Someone might argue that smoke is dangerous, whereas a blood-sugar test is merely an uncomfortable sight for those unaccustomed to the realities of diabetes.
But where is the danger in second-hand cannabis smoke? In fact, where is the danger in “first-hand” cannabis smoke? Despite claims that cannabis has “20 times more carcinogens than tobacco” the main ingredient in cannabis, tetrahydrocannabinol (THC) inhibits carcinogens and reduces tumour growth.
Furthermore, even an obviously dangerous substance like tobacco doesn’t justify anti-smoking laws based on the alleged harms of second-hand smoke.
Second-hand smoke impacts other parties, but it is not comparable to blowing smoke in someone’s face or punching them on the nose. Some people hang out with smokers all their lives and never succumb to smoking-related diseases, while others, like TV-personality Mister Rogers, stay clean, eat right, exercise, but still die of cancer.
Not all smokers develop cancer, and non-smokers are susceptible to it, including lung cancer. This is because heredity, your genetic susceptibility to cancer, plays a large role in addition to air pollution, smoking, or asbestos which was once used as insulation material and still exists in many Ontario buildings.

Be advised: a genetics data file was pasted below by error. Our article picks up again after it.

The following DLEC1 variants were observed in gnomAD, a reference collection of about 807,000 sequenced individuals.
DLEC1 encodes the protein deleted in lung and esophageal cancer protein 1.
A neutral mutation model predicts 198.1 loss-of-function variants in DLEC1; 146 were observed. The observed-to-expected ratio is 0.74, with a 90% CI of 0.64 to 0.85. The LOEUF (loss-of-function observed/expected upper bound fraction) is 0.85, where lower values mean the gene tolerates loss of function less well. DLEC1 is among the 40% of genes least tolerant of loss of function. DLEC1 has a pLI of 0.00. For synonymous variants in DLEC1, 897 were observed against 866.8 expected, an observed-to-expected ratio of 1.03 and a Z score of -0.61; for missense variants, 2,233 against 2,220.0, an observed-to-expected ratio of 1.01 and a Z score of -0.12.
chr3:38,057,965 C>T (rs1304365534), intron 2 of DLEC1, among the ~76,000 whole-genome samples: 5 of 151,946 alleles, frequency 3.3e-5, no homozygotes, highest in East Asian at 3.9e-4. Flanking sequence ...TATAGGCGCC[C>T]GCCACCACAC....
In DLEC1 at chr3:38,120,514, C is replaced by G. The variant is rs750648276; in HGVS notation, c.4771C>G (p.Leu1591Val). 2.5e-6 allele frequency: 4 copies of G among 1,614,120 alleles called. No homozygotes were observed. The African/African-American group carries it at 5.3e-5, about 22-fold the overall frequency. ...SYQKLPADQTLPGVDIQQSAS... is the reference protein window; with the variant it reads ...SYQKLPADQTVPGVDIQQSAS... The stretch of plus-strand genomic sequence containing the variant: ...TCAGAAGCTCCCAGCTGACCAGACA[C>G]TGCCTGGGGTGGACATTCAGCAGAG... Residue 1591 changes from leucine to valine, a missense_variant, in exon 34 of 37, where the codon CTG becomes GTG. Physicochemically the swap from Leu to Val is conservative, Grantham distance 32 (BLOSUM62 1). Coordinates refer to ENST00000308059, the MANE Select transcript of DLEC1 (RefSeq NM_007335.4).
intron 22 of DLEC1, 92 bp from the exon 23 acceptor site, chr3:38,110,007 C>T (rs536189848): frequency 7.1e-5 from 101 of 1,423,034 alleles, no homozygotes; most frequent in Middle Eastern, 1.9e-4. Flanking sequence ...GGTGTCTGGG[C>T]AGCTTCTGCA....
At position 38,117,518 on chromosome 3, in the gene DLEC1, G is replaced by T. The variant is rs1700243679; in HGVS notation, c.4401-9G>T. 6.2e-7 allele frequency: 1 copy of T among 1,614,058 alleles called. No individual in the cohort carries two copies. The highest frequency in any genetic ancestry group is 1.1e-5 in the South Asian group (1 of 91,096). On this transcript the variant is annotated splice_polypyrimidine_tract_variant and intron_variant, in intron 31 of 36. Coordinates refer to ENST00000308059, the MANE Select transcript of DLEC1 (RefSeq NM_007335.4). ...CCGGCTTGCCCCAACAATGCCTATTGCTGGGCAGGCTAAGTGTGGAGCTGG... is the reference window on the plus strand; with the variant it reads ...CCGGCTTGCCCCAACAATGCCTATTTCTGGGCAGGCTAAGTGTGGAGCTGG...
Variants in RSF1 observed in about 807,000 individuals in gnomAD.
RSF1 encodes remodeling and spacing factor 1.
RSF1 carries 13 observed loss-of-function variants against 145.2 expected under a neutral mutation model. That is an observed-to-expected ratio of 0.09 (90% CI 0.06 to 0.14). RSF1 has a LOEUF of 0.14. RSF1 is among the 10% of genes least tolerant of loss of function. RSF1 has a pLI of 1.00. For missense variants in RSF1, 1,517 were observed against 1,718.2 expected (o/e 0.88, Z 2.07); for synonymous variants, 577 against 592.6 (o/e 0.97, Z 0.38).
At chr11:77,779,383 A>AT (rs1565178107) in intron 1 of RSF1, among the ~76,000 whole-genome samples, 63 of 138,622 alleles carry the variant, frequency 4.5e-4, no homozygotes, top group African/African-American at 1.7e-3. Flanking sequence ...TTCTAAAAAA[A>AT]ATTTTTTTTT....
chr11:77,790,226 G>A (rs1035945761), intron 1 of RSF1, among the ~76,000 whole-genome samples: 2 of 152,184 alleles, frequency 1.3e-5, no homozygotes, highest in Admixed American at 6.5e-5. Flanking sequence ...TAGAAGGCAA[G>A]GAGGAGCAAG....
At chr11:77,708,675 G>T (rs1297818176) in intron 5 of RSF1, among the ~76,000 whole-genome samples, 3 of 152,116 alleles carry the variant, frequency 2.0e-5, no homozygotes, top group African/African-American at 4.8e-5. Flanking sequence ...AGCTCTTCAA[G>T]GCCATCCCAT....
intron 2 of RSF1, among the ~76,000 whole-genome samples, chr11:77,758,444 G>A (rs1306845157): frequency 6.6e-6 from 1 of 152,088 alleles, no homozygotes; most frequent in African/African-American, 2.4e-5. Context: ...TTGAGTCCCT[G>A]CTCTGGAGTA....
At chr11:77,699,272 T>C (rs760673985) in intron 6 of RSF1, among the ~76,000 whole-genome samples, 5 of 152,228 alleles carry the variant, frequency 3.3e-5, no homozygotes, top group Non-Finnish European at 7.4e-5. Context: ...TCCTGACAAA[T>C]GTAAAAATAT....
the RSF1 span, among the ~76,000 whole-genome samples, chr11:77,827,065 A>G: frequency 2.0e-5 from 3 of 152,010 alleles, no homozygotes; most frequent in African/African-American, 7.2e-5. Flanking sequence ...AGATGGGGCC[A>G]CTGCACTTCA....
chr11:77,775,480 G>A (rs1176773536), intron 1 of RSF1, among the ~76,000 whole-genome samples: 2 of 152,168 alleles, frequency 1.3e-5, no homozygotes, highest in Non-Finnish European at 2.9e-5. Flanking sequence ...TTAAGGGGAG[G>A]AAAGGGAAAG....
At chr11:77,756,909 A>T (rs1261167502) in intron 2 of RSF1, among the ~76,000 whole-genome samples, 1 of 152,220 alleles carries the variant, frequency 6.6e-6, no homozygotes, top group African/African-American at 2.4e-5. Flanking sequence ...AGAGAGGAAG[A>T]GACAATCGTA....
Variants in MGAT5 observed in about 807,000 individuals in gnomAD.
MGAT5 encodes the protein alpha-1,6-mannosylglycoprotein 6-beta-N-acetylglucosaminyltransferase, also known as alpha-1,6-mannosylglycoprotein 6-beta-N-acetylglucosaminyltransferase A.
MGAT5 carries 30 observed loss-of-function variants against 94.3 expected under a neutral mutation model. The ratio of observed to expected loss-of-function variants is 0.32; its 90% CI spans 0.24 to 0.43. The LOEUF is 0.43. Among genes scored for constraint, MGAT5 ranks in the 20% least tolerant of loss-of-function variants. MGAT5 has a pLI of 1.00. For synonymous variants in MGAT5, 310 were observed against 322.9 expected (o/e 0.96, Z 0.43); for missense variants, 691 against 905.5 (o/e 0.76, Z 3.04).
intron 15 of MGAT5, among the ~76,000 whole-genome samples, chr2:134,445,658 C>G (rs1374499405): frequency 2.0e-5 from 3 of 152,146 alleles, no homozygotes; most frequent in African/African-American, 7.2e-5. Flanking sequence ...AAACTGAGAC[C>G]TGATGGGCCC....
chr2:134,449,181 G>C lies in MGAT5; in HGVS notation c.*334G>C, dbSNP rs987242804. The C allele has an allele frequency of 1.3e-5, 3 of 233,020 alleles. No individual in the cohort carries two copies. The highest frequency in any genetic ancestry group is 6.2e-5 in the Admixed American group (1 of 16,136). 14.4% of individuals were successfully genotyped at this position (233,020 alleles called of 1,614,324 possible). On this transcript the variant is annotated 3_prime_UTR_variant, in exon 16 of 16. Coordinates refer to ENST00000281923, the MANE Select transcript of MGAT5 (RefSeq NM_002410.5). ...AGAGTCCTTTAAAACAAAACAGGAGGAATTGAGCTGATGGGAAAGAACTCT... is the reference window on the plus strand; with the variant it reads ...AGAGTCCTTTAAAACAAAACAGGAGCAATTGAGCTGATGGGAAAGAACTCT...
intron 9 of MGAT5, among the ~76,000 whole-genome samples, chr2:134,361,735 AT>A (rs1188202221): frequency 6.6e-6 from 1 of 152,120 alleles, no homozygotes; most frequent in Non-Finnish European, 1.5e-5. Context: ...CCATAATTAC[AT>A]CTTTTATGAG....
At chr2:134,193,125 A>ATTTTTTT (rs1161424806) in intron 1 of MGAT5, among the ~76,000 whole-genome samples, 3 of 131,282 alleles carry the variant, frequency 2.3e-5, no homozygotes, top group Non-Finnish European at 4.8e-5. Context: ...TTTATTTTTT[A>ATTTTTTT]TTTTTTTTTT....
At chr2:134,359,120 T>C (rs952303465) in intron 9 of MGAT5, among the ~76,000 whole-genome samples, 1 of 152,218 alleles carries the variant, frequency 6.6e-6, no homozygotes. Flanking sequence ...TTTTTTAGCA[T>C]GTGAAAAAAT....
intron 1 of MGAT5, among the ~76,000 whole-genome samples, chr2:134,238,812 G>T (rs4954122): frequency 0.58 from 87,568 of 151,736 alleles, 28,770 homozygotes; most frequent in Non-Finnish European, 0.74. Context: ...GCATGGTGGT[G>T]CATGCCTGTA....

So this grandstanding by the Ontario government aiming to eliminate medical cannabis (even vaping) from public sight is nothing but politically correct busy-bodies forcing their worldview through the barrel of a gun.
If the rights of an individual were threatened by a smoker, then we already have laws in place to deal with the infraction.
Assault and battery are already illegal. Walking by a smoker and smelling tobacco or cannabis isn’t a violation of your liberty.
It’s a sad irony that Kathleen Wynne’s Liberal government is considered “progressive” despite throwing out the last few centuries of common law and customary traditions based on a false notion that they can protect people from themselves.
The Making Healthier Choices Act isn’t “progressive” legislation. It is another form of social control, restricting the freedom of some to advance the interest of others.
Common law produces rules that facilitate peace and cooperation. Government legislation permits the exploitative actions of a politically-dominant class.
Fortunately, medical cannabis users have a constitutional right to access. It’s possible that a lawsuit may arise out of this.
If that happens, once again, like we’ve seen throughout Canadian history, it would be the legal system and the rule of law that protects cannabis users — not democracy.